Ours is a video game family. The kids play games regularly and Howard goes through periods of regular play spaced by hiatuses. I used to play. I loved the Zelda games on the N64. But that was back when I had two small kids who loved to watch Mommy play because they did not have the skills to beat the games themselves. Me playing a game was a family bonding activity. It was only a few years later that the kids were taking the controller from my hands. My game play became competition rather than entertainment. I also became very busy. With my time at a premium I found it hard to allow myself to invest energy into a game.
Then came Dragon Age. Howard got it for Christmas. At first I watched Howard play. Then the older kids picked it up and began to play. I became fascinated by the story mechanics in the game. The things said in dialogue changed the story for the rest of the game and I found myself wondering what the story would have been like if the player chose differently. My curiosity grew until I picked up a controller and started my own game. I was quickly hooked. This game engages the same part of my brain which I use to write fiction. I get to help craft stories around characters, but I don’t have to worry about plot holes because the game designers have thought it all through for me.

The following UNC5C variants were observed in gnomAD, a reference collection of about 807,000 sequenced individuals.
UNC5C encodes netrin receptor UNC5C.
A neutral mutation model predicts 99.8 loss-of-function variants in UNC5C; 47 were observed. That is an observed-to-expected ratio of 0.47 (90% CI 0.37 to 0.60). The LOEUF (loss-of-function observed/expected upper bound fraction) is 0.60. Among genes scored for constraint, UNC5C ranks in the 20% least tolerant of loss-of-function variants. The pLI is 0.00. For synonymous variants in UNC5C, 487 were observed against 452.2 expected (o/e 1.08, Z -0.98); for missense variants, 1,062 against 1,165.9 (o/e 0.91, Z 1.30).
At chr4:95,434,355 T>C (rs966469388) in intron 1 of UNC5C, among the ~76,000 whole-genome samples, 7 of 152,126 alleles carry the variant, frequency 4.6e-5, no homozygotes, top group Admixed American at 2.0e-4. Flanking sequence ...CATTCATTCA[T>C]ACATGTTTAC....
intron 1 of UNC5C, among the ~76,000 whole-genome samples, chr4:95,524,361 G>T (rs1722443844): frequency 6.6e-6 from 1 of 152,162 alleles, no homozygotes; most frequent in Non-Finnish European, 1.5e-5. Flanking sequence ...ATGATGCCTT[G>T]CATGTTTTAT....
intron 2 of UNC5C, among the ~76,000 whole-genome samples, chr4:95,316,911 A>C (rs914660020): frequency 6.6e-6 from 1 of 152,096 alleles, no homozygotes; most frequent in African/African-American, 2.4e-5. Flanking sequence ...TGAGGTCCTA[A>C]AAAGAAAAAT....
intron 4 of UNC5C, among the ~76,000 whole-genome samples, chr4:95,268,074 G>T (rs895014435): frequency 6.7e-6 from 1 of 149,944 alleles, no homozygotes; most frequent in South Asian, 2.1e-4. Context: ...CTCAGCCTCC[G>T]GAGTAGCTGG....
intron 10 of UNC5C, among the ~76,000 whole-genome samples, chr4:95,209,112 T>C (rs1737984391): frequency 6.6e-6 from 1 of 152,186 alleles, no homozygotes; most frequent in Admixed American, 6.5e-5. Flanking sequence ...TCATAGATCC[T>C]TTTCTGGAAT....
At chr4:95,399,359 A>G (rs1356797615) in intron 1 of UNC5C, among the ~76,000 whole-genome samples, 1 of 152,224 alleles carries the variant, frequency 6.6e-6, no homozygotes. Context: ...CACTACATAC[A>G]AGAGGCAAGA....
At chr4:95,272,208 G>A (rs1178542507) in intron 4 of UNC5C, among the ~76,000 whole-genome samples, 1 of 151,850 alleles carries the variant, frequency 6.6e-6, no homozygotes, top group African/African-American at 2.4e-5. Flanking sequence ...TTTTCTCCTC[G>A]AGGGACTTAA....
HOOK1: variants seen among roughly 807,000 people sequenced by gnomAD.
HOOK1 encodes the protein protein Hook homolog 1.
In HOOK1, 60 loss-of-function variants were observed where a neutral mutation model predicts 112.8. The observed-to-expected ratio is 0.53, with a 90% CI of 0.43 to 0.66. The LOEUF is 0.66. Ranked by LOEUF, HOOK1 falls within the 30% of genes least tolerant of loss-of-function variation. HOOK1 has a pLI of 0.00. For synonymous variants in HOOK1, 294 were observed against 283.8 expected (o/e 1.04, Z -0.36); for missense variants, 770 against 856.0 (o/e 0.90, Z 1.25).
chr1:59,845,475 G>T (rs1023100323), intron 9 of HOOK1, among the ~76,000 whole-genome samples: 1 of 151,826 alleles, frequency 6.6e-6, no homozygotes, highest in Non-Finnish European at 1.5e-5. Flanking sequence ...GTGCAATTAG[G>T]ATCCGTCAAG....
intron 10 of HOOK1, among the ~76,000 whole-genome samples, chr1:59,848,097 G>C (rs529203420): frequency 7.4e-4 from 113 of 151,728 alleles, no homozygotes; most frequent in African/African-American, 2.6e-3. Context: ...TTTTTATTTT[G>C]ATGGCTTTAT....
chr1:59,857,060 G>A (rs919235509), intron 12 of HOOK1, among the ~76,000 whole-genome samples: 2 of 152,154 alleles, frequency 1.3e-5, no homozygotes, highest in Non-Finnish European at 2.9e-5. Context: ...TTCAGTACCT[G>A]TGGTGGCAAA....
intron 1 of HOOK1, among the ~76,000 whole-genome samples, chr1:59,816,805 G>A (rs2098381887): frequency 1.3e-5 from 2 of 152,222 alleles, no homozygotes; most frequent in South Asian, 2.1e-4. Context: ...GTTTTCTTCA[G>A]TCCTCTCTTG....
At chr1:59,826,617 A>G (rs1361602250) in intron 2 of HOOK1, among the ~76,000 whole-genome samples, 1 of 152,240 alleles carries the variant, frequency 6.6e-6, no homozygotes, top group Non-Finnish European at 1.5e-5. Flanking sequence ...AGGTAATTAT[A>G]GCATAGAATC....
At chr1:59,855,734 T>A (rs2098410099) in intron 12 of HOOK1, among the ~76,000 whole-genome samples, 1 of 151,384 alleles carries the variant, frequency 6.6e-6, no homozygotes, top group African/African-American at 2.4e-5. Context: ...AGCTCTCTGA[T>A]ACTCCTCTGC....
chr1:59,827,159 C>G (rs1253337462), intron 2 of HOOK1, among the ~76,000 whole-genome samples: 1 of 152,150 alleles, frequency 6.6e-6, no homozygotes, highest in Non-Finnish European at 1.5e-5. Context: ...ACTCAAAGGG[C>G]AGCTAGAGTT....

Eventually the game will run out of plot lines for me to follow. This is a good thing, because the game is eating chunks of time. Video games are expensive. The equipment is expensive. The time is expensive. My creative brain space is expensive. But playing the game showed me something about myself. I don’t often engage in activities where the only point is my own enjoyment. I frequently do things I enjoy, but they are always attached to a larger purpose. I don’t have many hobbies. Dragon Age as a hobby is nice because I can see that it is self-limiting. I’ll spend time on it for awhile and then I will stop. I just need to make sure that I do my important things first. This will make my interesting hobby last much longer.